Many couples in relationship disputes need help in resolving their dispute but understandably they don't want to go to court. Sometimes it proves impossible to reach an agreement even with the benefit of a mediator or settlement-orientated solicitors. A decision is needed. Arbitration has considerable merits, including flexibility of resolving disputes, choice and continuity of the arbitrator, speed, confidentiality and other benefits. A new scheme launched in February 2012 has for the first time in England created a body of rules for family arbitration. Over 100 very experienced family lawyers, some with a judicial background, have trained and qualified. In January 2014 it received the support and endorsement of England’s most senior family court judge. Family arbitration can be suitable for international disputes. David Hodson was a founder and creator of the English arbitration scheme and one of the first qualified arbitrators.


Arbitration is a very common form of resolving disputes in England and across the world. It is frequently chosen or required in consumer disputes. Many multinational companies and governments prefer to arbitrate disputes. It has been commonplace in shipping litigation for many years. It is the process of choice for many litigation lawyers. It has many benefits over court based litigation.

Yet it had never appeared in English family law until the Institute of Family Law Arbitration (IFLA) scheme launched on 22nd February 2012. Following relationship breakdown, arbitration of a financial dispute under the scheme is now conducted under the family arbitration rules, developed specifically by IFLA. The scheme has the backing of the primary family law organisations, the support of the Ministry of Justice and the endorsement of many senior family lawyers including judges. With continued encouragement to use noncourt forms of dispute resolution and with public service cuts creating delays, many cases will be referred to arbitration. Many couples find the many benefits of arbitration outweigh almost the only disadvantage, namely the cost of the arbitrator itself.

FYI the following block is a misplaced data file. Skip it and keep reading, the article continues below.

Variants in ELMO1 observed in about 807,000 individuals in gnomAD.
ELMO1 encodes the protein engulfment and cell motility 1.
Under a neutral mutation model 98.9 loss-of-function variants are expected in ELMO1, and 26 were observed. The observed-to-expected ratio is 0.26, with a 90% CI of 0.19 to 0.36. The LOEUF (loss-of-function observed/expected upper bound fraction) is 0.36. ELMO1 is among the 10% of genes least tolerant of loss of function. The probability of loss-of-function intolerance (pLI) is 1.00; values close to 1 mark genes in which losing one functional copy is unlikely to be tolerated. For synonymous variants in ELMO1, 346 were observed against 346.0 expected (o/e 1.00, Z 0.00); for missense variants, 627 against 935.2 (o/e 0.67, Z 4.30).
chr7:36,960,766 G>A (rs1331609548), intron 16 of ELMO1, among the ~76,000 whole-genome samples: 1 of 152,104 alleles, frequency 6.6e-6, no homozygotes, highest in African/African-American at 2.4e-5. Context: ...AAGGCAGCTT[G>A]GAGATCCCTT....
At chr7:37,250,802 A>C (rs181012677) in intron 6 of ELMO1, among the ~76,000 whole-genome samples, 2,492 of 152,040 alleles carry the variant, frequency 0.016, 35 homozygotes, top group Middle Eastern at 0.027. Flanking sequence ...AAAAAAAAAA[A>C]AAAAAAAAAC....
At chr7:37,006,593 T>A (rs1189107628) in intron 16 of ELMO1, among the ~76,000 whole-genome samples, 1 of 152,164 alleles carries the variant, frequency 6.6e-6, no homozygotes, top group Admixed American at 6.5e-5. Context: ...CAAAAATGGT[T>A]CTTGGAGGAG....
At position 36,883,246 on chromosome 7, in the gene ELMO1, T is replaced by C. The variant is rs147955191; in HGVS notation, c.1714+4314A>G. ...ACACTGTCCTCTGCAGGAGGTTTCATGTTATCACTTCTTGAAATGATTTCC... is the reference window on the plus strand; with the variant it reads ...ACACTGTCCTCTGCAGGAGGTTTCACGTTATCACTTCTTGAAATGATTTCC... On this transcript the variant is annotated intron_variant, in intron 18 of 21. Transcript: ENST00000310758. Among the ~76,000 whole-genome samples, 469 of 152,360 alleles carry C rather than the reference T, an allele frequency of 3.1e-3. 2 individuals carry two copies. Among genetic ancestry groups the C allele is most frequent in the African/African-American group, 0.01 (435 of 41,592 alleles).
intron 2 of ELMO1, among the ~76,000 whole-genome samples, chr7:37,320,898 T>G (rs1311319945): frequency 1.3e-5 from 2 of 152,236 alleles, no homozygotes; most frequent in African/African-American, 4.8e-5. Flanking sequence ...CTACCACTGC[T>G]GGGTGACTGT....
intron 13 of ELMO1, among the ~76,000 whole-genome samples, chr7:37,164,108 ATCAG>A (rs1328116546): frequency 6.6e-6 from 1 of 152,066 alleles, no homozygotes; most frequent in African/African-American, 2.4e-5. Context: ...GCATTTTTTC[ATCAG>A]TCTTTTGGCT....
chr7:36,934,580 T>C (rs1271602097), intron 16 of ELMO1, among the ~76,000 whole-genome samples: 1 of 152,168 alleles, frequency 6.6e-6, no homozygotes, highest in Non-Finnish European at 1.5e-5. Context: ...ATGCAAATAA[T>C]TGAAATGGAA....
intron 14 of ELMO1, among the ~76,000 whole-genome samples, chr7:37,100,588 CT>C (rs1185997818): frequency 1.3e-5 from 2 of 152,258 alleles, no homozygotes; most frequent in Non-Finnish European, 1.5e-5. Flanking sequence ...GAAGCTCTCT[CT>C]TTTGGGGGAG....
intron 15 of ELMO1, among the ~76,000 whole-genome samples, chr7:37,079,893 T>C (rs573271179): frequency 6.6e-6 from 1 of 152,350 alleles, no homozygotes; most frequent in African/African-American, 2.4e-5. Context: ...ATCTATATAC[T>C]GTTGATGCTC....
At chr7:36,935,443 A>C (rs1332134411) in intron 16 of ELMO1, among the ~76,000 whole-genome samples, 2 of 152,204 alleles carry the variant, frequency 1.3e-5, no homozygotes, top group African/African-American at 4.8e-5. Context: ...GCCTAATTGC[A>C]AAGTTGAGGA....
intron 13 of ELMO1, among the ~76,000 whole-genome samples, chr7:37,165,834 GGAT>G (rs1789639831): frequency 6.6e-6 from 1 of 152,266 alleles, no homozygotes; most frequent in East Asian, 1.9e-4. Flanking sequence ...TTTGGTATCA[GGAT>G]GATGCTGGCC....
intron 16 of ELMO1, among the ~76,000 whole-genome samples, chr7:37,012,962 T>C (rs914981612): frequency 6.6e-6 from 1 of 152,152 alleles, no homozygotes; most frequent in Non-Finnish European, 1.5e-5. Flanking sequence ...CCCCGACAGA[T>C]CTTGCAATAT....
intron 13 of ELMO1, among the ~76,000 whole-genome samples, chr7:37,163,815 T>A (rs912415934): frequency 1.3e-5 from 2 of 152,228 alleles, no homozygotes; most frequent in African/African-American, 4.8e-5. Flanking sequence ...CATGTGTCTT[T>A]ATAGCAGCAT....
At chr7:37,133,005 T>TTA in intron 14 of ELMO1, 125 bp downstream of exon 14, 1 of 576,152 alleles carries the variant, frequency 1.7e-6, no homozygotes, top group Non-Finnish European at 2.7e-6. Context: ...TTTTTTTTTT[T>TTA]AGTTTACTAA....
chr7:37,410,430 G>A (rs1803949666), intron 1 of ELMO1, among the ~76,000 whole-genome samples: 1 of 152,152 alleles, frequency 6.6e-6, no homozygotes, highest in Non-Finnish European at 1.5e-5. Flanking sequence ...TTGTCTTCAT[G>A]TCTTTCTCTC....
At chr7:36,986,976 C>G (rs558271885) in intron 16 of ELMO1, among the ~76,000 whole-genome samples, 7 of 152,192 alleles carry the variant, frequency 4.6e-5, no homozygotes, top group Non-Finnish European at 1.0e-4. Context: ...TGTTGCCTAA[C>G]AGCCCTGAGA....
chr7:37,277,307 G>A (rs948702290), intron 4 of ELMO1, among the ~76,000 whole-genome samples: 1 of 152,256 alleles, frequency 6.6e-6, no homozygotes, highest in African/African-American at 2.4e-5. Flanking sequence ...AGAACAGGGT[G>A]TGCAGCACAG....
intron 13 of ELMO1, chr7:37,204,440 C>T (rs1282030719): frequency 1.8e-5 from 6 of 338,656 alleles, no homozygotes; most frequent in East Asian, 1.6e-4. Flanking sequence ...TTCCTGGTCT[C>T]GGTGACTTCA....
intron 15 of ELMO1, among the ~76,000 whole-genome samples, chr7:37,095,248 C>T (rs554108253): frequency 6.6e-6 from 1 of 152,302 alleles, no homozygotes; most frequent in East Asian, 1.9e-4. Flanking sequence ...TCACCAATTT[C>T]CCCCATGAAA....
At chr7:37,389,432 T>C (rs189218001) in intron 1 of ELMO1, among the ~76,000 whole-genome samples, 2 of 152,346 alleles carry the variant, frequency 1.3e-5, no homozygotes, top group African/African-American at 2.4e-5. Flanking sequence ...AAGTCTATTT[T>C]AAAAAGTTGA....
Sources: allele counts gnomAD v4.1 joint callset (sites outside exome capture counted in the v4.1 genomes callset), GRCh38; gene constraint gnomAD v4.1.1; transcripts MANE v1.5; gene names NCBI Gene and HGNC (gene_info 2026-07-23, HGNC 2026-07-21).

I was an originator and one of the founders, having first proposed the idea in 2001. The scheme is backed by the Chartered Institute of Arbitrators. They are world leaders in the training and regulation of arbitrators. From the very beginning family law arbitration in England sat firmly within the standards and practice of civil arbitration. In England, Family law arbitration and IFLA arbitrators are regulated in the same way as all other arbitration, under the auspices of the Institute. This rightly gives both lawyers and the public confidence in the Scheme.

From the very beginning, it was the benefits of arbitration which were important. Benefits of family arbitration The advantages and benefits of family arbitration include the following:

  • Identity of the arbitrator – the arbitrator can be specifically chosen as appropriate for a case and the nature of the dispute, the couple themselves, any distinctive background, for knowledge or experience of the particular aspect of family law or similar. This is in contrast to the relatively arbitrary choice of one of several available judges taken by a court officer on the afternoon before a court hearing the following day.